“The guidelines do not specify a timeline required to get a licence, so business planning can’t take place,” the second source said.
A third industry source gave the example of how Quintillion Business Media, which had plans to operate a business news channel in a joint venture with Bloomberg, had to drop its plans because it failed to procure a licence from the I&B ministry for three years, while fairly newer channels like Republic TV got a licence within months.
The third source added that too much reference to the MHA is also cause of worry, and the absence of a single-window clearance (to get a licence) is also an issue, given that other ministries and departments involved in the process such as the Department of Space and the Department of Telecommunication, are still not aligned.
Also included in the amended guidelines are provisions for penal action, such as a warning and/or prohibition of broadcast up to 30 days, for use of dual logos for a channel or using a name or logo not approved by the ministry.
Tiranga TV, a now-defunct news channel promoted by Congress leader Kapil Sibal, had run into trouble with the I&B ministry last year on this account.
The guidelines also specify that channels which do not remain operational for 60 days should inform the I&B ministry, along with reasons about why it has remained non-operational, failing which, it would receive a warning. In case the channel continues to be non-operational for over 90 days, it would invite suspension or cancellation of permission.
Sources in the government said this provision has been put in because several small broadcasters secure licences and then either continue to remain dormant or sublet it to another entity, which may not have the security clearance.
“This will address the issue to a large extent,” a government source said.
The guidelines also state that channels will have to file renewal applications six months before the expiry of their licences.
Non-news channels can go for temporary live uplinking of events, provided they are not related to news or current affairs, by registering five days before an event.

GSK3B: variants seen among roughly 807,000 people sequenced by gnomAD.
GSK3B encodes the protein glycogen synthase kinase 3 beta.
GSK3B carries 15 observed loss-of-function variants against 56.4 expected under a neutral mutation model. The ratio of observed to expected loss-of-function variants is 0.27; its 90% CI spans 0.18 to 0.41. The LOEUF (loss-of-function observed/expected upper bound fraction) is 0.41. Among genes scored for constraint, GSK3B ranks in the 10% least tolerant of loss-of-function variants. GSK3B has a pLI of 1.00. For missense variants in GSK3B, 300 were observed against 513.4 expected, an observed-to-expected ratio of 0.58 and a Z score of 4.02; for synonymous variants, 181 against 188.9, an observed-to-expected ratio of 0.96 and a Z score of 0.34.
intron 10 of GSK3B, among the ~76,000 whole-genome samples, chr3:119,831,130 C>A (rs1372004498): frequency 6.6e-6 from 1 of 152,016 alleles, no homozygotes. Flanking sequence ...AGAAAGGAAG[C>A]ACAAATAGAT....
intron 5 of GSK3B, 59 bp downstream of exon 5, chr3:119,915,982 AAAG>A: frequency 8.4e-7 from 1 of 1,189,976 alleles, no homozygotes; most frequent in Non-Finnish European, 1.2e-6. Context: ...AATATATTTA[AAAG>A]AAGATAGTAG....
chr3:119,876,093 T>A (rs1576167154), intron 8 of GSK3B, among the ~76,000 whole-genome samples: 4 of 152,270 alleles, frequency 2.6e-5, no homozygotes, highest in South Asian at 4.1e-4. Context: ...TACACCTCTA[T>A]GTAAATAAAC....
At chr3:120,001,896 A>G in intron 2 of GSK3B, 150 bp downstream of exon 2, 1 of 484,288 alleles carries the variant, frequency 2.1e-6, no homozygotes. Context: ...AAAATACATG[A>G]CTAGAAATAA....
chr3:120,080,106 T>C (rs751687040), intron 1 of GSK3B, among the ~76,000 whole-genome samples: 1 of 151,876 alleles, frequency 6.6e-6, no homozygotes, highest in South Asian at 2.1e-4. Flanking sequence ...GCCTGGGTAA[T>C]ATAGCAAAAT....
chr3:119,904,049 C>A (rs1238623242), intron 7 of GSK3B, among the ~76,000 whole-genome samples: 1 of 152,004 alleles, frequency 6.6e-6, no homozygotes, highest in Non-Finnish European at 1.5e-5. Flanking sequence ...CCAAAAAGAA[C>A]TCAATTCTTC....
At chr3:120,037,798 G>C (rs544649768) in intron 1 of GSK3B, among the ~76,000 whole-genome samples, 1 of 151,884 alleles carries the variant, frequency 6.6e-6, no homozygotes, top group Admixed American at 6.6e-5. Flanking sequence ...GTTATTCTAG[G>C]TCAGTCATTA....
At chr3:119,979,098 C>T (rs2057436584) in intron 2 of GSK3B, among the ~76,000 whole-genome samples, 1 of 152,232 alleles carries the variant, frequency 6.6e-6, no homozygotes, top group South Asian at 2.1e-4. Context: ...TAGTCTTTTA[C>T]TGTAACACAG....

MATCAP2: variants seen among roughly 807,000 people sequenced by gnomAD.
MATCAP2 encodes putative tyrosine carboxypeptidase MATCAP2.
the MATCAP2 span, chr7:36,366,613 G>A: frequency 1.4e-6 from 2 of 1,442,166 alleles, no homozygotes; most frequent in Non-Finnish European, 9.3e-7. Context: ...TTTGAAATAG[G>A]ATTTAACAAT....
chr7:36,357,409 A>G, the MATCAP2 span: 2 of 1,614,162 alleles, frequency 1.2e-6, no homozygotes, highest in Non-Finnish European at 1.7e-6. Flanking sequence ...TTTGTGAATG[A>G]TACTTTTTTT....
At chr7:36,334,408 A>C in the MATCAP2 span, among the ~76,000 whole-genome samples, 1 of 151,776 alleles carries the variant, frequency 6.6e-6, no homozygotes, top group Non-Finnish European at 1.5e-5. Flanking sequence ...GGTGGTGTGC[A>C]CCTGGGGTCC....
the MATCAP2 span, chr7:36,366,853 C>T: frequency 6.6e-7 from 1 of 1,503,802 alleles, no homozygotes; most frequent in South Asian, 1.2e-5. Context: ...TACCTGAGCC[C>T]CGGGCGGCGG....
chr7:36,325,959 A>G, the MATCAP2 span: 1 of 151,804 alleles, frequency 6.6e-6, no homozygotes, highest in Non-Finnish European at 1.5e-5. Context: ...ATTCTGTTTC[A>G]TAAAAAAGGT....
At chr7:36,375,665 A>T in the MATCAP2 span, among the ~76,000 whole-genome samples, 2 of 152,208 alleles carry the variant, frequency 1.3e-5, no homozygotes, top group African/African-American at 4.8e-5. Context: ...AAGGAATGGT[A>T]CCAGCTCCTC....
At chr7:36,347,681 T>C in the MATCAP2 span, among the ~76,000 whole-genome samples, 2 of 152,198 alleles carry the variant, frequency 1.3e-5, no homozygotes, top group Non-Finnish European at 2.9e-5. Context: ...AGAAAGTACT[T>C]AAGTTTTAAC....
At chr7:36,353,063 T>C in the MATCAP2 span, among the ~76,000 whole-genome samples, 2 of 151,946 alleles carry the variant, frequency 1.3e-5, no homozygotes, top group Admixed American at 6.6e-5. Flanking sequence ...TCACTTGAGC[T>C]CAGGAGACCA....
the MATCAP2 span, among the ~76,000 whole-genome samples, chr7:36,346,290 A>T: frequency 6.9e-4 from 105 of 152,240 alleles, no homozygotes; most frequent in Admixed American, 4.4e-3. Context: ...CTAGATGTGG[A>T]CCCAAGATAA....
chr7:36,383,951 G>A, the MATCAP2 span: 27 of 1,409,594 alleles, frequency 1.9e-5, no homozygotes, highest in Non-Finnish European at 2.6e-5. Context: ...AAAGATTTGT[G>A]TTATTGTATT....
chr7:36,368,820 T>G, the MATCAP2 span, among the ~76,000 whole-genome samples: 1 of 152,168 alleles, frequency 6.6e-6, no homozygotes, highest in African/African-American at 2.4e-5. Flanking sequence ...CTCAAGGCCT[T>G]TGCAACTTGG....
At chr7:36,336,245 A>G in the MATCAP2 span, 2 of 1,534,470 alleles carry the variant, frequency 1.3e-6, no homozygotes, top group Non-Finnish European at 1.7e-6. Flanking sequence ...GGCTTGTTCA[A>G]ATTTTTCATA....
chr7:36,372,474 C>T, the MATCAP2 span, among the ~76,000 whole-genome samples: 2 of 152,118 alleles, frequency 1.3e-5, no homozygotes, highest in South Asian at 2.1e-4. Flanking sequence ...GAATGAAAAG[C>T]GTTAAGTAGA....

Broadcast of live events without prior registration will invite penal action, which could include suspension or cancellation of the channel’s permission. The guidelines, however, don’t clarify which event to be uplinked live would be construed as a news or current affairs event, leaving it up to the decision of the central government.
Any channel or teleport found uplinking content not adhering to the Programme and Advertising Code under the Cable TV Act, will be liable for penal action, ranging from warning to be communicated to the channel, to suspension or revocation of permission, or disqualification from holding any permission under the guidelines for a period of up to five years.
‘Ease of doing business will improve’
Industry sources said the new guidelines do address some challenges in terms of the ease of doing business in the broadcast sector.
“The good points are that there are no changes in licence fees and processing fees for temporary live uplinking, and other amendments to the licence (change of name and logo) have been removed,” the first source quoted above said.
Another move broadcasters have welcomed is the registration process for live uplinking needed by non-news channels, as opposed to the earlier requirement of permission.
Other positive things the sources point out are clear guidelines for mergers and acquisitions and inter-group mergers, and the clause of letting a channel remain non-operational up to 60 days with prior intimation, which they say will help save costs.
The guidelines also do not mention preconditions for use of foreign satellites.